Monsoon Mixer and Hawaiian Big Kahuna were two plants that brought us a load of tropical joy during a long growing season that started with monsoonal rains and finished with what is now being called a flash drought.
Tropical hibiscus has a way of awakening those island thoughts that lie dormant in the hidden parts of the mind. Monsoon Mixer and Creole Lady are both names given to one of the most beautiful and unique hibiscus plants, on the planet.
You may wonder what is so hot about Monsoon Mixer; does it change colors or something? The answer is, yes, it does. It offers rare colors and patterns that gardeners everywhere are sure to love, whether they have a tropical climate or a growing season that only lasts a few months.
Not since Rum Runner, have I been so thrilled with the change of colors in a hibiscus bloom. You will always see multiple colors in the flowers but in the morning, it starts with a deeply saturated coral surrounding a lavender swirled throat.
Of course, you want to shoot photos because by noon, or shortly thereafter, the coral becomes a bright gold with a throat showing hints of blue mixed with the lavender. By late afternoon it is soft yellow, with a shade of blue and an inner throat of lavender-pink.
It is a little pot luck on the colors you will see during the hours of the day, coupled with the changing patterns of sunlight and shortening day length. This is the hibiscus that truly patterns the quote from the "Forest Gump" movie, "Life is like a box of chocolates, you never know what you'll get."
Hawaiian Big Kahuna is different, its color stays the same. I should say colors as you will see a soft yellow gold around the margins followed by a large swath of white partnered with a deep burgundy throat. The most noteworthy trait is that it lives up to its name, it truly is monolithic in size.
I remember the first time I saw a hummingbird feeding on the flowers I thought the hummers were babies or miniature but in reality, the flowers are just monstrous. Even one flower will stop you in your tracks but imagine with several open at once.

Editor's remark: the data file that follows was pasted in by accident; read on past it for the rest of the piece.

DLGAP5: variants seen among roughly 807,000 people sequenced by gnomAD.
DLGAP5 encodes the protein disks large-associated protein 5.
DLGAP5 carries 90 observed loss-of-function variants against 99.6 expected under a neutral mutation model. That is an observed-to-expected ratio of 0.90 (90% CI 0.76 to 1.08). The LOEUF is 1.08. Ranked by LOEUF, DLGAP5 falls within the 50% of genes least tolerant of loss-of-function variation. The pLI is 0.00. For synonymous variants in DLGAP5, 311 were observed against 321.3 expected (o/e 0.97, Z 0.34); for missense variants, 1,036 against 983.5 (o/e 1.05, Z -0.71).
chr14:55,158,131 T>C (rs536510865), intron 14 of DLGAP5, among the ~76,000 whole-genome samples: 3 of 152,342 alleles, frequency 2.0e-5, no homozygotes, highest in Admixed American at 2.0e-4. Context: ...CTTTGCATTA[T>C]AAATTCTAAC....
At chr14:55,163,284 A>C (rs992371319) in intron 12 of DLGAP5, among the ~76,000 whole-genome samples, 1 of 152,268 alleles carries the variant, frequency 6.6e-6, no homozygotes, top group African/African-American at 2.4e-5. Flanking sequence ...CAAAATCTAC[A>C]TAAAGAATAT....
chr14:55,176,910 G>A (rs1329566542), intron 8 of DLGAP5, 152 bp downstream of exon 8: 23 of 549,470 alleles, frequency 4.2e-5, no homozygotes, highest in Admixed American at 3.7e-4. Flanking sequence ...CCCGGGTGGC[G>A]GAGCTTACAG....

No matter where you live there is a season for the tropical hibiscus. It belongs in the landscape whether combined with bananas, cannas, elephant ears, or grandma's cottage garden. The requirements are much like any other annual we grow. Plant your hibiscus in well-drained, well-prepared beds because they absolutely cannot take wet feet, but use a good layer of mulch to keep the soil evenly moist through the season and, of course, to make weed control easier.
Choose a site with plenty of sunlight. Morning sun and filtered afternoon light are just about perfect in our state. Hibiscus blooms on new growth so it is important to keep it growing vigorously throughout the season.
Keep them well-fed and watered during drought periods.
If you are growing hibiscus in containers during the summer, they must be watered daily. Keep in mind that the nutrients quickly leach from the soil. You will have to apply a dilute, water-soluble fertilizer weekly or add time-released granules per formula recommendation.
The hibiscus brought my family great joy in the summer of 2019 and we will be growing them next year, too. I hope you'll look for Monsoon Mixer. Hawaiian Big Kahuna and at least keep your eyes out for those special varieties that will be available at your garden center.
(Norman Winter, horticulturist, garden speaker and author of, "Tough-as-Nails Flowers for the South" and "Captivating Combinations: Color and Style in the Garden." Follow him on Facebook @NormanWinterTheGardenGuy.)